How does Lush manage to sound so radiant? Even for an emo record, Home, Like Noplace Is There is unflinching in its depiction of constant crisis.
From beginning to end, it details one calamity after another—some merely deflating, others catastrophic, including incidents of addiction, abuse, and suicide.
But the album balances its strife with jumpy pop-punk hooks, and never grows numb to suffering or loses its drive to uplift. Instead, what emerges is a portrait of contagious empathy. Over sweeping, orchestral funk arrangements, he earnestly addresses his anxieties about fame, his paranoia about being canceled were he to come out, and the terrifying reality of police brutality.
Avery Tucker and Harmony Tividad were still teenagers when they wrote these humble songs with bass and guitar, and there is something so profoundly young adult about Before the World Was Big.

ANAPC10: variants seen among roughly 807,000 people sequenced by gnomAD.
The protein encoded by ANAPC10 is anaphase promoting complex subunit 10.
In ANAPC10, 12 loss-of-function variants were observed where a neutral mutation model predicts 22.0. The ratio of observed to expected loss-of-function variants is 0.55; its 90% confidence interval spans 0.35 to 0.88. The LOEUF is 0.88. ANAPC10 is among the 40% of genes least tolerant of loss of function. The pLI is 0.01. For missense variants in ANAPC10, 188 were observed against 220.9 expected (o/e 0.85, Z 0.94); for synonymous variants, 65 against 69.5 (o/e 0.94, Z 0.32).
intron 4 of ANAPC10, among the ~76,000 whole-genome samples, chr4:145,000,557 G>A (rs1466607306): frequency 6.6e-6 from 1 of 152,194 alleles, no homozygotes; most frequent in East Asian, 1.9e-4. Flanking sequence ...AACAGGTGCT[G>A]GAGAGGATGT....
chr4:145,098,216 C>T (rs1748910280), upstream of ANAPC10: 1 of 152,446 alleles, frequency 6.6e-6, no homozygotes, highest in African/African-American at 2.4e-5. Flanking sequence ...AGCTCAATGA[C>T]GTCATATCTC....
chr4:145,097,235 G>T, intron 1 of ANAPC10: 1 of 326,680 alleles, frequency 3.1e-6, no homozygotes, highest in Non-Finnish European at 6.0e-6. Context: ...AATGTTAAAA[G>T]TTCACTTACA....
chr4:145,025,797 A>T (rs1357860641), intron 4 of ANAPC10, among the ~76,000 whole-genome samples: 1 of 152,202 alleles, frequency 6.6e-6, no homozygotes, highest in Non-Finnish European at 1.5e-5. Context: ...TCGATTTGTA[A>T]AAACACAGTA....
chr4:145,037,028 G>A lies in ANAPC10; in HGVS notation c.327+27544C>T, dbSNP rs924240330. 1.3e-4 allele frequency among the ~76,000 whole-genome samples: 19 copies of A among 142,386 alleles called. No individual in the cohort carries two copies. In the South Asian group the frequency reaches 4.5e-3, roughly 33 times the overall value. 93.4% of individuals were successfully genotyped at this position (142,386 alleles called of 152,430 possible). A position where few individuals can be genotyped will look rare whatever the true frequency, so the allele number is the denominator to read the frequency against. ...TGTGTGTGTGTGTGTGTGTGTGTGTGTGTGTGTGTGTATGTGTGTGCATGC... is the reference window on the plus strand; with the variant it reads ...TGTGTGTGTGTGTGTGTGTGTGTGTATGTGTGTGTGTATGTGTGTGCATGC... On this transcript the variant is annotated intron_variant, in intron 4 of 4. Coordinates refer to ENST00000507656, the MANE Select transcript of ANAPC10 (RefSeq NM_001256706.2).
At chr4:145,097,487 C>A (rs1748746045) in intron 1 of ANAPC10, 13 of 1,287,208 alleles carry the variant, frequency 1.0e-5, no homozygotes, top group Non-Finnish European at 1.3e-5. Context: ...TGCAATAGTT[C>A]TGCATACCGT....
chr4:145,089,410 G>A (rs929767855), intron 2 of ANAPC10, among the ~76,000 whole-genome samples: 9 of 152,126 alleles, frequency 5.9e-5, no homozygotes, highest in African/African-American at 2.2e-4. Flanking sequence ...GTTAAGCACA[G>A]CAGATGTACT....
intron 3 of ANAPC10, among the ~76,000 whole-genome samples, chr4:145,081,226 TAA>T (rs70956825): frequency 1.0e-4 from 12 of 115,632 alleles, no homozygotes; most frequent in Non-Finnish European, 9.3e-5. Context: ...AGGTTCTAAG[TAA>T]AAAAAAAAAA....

Leonard Cohen was too grand a figure to let death sneak up on him. Instead, he graciously accepted its approach and courted the void with one final masterpiece. You Want It Darker arrived just weeks before Cohen died at 82, still a goliath of his form.
You Want It Darker is full of these concessions: he sings of relinquishing life, love, and libido throughout its sparse yet rich compositions. That ringing sensation in your head from the crossed streams of cable news and political discourse? Pure, unadulterated The Money Store. Its storyline about a messianic android is tied together by apocalyptic rock, jiggling funk, and psychedelic soul, all delivered with cinematic flair.
The ArchAndroid is the genesis of it all. Girls mastermind Meghan Remy has evolved from one-person noisemaker to charismatic leader of a cracking rock band, her aesthetic priorities—simple melodies, rich textures, subversive lyrics—have remained steadfast. Complex verses about sexual dynamics and interpersonal conflict cut through music that reveres nostalgic styles like disco and glam without aping them.